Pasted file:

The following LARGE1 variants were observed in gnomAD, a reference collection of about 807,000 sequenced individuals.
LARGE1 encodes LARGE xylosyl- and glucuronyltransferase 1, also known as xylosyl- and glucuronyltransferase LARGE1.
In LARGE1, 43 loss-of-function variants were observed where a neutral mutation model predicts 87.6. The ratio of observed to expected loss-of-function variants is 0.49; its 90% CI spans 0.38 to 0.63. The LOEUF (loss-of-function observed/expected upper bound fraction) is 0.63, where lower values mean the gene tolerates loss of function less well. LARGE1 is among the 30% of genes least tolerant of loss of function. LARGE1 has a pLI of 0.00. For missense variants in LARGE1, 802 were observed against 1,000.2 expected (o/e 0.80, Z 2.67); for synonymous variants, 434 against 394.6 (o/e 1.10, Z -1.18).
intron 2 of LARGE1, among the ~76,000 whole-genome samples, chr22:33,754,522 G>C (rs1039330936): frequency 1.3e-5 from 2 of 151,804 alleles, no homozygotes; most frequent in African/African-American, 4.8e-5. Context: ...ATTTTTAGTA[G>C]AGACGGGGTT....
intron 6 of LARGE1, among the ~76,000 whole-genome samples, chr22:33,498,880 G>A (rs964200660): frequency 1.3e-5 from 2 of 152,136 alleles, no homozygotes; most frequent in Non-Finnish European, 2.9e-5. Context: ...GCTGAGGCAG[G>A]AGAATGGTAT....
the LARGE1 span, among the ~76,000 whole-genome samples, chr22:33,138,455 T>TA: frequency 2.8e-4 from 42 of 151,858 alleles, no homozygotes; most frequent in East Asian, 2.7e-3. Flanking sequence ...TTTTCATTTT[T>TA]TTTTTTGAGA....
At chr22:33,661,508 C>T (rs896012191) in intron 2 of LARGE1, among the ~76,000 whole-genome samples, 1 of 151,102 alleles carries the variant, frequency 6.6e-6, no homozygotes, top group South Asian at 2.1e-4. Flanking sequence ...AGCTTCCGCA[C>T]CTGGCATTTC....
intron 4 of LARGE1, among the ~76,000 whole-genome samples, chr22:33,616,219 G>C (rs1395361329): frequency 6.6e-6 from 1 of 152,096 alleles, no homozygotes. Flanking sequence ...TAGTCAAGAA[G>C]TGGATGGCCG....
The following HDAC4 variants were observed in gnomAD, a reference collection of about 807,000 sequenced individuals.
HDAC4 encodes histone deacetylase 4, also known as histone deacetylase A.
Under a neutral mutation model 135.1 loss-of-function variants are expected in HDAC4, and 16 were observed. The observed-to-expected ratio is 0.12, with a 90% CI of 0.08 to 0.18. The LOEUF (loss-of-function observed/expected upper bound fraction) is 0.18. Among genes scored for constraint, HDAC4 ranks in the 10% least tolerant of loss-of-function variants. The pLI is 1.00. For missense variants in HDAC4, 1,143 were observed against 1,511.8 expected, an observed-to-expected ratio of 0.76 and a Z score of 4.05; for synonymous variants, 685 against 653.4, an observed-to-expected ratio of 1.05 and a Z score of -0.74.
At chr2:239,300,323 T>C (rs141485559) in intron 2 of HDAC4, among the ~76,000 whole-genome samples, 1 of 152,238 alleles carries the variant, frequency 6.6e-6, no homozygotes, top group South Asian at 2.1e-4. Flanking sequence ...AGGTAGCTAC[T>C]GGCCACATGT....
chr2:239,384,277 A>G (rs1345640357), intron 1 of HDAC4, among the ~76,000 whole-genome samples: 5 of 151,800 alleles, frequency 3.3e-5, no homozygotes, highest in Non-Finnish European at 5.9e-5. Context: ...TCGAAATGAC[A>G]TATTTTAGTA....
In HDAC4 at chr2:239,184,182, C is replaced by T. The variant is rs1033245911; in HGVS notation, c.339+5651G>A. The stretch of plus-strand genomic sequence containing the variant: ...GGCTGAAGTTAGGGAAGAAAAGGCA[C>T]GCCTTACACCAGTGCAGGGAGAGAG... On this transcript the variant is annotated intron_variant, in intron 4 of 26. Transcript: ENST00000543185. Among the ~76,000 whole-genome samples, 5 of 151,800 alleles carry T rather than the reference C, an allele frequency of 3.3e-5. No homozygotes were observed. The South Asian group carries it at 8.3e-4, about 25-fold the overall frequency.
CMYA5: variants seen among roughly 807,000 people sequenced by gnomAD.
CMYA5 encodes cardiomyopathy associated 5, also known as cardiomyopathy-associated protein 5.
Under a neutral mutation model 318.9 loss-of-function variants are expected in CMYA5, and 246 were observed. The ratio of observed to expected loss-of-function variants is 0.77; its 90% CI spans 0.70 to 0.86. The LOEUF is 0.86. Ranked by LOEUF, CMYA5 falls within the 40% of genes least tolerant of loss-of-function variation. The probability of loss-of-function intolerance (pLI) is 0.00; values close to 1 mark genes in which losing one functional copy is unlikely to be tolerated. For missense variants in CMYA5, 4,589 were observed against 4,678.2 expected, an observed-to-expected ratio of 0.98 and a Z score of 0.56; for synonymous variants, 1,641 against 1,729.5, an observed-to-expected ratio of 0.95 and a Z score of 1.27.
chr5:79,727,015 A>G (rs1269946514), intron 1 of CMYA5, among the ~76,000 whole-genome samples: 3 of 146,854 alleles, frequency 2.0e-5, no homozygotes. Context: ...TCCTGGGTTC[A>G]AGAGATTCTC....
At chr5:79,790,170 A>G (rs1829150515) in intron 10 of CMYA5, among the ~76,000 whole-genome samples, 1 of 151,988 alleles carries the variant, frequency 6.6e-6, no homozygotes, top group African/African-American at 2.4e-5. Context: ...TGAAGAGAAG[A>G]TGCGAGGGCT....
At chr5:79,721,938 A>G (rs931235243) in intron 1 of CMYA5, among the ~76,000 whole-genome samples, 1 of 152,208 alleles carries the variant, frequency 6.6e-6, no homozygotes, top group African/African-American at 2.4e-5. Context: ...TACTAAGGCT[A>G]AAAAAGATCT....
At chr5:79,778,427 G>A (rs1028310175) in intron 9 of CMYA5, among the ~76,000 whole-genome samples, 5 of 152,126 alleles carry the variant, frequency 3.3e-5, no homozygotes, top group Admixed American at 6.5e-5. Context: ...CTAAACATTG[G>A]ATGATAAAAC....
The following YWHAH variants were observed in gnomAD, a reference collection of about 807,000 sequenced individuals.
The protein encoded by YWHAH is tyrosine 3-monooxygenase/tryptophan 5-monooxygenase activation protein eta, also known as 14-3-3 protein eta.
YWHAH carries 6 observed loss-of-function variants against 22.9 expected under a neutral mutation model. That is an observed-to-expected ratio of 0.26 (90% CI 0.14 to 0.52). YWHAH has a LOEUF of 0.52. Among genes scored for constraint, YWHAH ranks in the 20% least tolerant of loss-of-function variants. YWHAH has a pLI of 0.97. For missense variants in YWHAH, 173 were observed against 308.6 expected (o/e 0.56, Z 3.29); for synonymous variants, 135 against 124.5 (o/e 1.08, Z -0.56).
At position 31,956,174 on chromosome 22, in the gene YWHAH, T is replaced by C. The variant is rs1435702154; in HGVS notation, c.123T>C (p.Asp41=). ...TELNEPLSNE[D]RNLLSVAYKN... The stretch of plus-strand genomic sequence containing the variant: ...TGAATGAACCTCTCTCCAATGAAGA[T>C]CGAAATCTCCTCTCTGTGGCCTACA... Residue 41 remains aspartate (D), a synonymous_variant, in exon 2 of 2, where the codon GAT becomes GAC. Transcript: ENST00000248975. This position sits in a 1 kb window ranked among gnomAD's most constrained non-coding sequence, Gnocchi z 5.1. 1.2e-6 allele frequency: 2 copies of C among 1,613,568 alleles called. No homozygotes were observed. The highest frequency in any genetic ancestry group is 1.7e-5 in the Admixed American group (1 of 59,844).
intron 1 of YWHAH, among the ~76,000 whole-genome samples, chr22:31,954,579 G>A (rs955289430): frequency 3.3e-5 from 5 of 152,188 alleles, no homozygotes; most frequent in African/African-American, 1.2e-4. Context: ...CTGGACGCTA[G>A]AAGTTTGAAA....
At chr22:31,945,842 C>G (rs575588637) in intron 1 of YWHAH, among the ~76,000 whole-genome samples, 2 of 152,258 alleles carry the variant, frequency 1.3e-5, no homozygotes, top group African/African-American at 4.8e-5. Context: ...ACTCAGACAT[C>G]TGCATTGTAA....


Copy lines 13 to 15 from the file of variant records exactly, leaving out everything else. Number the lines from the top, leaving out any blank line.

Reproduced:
chr2:239,384,277 A>G (rs1345640357), intron 1 of HDAC4, among the ~76,000 whole-genome samples: 5 of 151,800 alleles, frequency 3.3e-5, no homozygotes, highest in Non-Finnish European at 5.9e-5. Context: ...TCGAAATGAC[A>G]TATTTTAGTA....
In HDAC4 at chr2:239,184,182, C is replaced by T. The variant is rs1033245911; in HGVS notation, c.339+5651G>A. The stretch of plus-strand genomic sequence containing the variant: ...GGCTGAAGTTAGGGAAGAAAAGGCA[C>T]GCCTTACACCAGTGCAGGGAGAGAG... On this transcript the variant is annotated intron_variant, in intron 4 of 26. Transcript: ENST00000543185. Among the ~76,000 whole-genome samples, 5 of 151,800 alleles carry T rather than the reference C, an allele frequency of 3.3e-5. No homozygotes were observed. The South Asian group carries it at 8.3e-4, about 25-fold the overall frequency.
CMYA5: variants seen among roughly 807,000 people sequenced by gnomAD.